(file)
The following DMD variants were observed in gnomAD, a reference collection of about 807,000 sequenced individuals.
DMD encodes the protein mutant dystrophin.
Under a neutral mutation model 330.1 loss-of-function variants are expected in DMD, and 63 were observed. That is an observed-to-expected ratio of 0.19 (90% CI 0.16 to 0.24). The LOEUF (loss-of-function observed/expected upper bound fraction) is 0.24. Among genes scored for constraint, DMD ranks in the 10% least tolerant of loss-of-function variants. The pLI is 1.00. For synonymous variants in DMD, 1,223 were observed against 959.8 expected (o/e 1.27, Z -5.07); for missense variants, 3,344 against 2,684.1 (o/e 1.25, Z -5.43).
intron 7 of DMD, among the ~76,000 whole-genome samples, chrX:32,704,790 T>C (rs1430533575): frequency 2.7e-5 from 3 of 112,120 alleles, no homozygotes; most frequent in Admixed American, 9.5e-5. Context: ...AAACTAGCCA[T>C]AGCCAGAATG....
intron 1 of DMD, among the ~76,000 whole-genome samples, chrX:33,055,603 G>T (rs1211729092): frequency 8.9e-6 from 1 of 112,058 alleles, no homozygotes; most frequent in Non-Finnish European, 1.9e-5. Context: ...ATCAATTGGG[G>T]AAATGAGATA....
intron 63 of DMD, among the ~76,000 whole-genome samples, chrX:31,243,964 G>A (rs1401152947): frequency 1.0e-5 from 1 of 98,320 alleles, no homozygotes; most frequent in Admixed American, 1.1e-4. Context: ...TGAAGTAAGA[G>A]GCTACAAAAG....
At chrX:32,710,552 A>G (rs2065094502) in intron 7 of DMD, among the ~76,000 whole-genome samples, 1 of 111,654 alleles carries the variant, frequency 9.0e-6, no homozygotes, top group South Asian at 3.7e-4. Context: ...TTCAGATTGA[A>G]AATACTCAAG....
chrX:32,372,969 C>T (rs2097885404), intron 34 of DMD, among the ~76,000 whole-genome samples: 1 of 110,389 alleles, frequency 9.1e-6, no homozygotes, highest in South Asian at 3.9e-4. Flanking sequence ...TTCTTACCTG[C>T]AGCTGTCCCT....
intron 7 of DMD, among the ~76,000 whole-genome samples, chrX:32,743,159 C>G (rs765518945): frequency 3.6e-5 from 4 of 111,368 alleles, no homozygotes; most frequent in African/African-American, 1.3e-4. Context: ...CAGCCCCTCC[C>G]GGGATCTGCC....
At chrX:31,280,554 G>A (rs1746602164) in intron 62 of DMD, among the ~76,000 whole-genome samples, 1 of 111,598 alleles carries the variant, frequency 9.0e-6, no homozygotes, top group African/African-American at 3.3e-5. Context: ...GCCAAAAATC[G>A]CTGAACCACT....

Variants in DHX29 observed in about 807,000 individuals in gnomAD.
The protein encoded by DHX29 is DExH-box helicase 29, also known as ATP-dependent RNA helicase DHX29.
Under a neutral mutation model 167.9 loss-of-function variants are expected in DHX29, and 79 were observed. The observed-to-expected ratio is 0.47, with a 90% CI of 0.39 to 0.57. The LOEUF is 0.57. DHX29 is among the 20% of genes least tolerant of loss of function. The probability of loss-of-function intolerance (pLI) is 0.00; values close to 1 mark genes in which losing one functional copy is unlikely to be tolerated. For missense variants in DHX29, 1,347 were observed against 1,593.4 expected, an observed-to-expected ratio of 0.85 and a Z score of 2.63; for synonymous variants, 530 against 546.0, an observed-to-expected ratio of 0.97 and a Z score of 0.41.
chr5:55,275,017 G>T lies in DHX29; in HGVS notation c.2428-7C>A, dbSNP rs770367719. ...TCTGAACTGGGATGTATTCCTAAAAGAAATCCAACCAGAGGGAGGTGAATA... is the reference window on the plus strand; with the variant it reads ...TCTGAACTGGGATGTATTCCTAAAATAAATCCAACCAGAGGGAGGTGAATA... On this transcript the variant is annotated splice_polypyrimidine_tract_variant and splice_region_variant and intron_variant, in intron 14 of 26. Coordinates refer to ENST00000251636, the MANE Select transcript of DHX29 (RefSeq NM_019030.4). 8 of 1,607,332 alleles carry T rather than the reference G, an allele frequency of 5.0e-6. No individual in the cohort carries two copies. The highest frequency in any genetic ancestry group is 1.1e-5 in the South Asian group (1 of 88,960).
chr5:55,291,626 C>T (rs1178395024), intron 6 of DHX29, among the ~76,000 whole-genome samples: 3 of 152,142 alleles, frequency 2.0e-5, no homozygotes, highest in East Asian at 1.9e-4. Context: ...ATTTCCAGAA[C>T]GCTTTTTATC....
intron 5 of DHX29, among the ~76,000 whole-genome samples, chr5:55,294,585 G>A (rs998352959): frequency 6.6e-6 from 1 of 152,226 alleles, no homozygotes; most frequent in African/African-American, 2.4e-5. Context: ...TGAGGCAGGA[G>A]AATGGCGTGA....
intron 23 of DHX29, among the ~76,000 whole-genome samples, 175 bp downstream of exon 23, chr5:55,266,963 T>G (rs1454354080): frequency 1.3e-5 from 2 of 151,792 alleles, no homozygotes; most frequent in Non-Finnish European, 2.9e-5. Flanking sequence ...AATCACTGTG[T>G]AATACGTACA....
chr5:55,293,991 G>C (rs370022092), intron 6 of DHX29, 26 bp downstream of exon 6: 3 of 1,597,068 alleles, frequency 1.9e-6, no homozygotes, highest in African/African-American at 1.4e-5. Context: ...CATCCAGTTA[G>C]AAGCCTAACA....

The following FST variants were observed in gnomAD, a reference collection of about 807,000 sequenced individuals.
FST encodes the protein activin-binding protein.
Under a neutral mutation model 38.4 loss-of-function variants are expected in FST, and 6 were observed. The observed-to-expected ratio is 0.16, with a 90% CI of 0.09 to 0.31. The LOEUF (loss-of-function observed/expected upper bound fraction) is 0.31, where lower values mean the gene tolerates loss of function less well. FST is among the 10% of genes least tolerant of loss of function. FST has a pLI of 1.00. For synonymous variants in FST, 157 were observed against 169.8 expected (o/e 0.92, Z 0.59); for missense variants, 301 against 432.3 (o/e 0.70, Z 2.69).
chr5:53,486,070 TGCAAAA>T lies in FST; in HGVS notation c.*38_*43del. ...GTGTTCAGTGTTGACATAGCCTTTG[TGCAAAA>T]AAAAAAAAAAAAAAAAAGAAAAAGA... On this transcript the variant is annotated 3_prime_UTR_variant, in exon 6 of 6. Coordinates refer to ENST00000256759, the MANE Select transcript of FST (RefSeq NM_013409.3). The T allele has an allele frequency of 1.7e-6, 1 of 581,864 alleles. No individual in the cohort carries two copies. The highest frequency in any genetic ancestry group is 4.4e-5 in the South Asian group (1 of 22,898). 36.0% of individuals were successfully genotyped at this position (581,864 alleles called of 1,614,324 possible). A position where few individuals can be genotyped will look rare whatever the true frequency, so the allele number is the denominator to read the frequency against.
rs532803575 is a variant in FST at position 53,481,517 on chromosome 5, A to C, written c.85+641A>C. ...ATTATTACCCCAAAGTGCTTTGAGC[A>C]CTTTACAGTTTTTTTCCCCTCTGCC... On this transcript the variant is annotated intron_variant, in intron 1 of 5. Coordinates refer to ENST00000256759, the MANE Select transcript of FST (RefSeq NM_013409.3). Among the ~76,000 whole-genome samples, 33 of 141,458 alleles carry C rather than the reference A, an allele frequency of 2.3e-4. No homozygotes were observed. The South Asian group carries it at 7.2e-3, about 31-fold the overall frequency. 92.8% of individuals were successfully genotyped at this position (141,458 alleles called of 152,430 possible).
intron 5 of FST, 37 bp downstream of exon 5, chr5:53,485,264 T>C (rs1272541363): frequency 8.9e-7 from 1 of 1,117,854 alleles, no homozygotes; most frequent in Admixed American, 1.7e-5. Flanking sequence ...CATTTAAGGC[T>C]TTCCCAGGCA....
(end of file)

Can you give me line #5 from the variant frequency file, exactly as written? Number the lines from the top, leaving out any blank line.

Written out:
intron 1 of DMD, among the ~76,000 whole-genome samples, chrX:33,055,603 G>T (rs1211729092): frequency 8.9e-6 from 1 of 112,058 alleles, no homozygotes; most frequent in Non-Finnish European, 1.9e-5. Context: ...ATCAATTGGG[G>T]AAATGAGATA....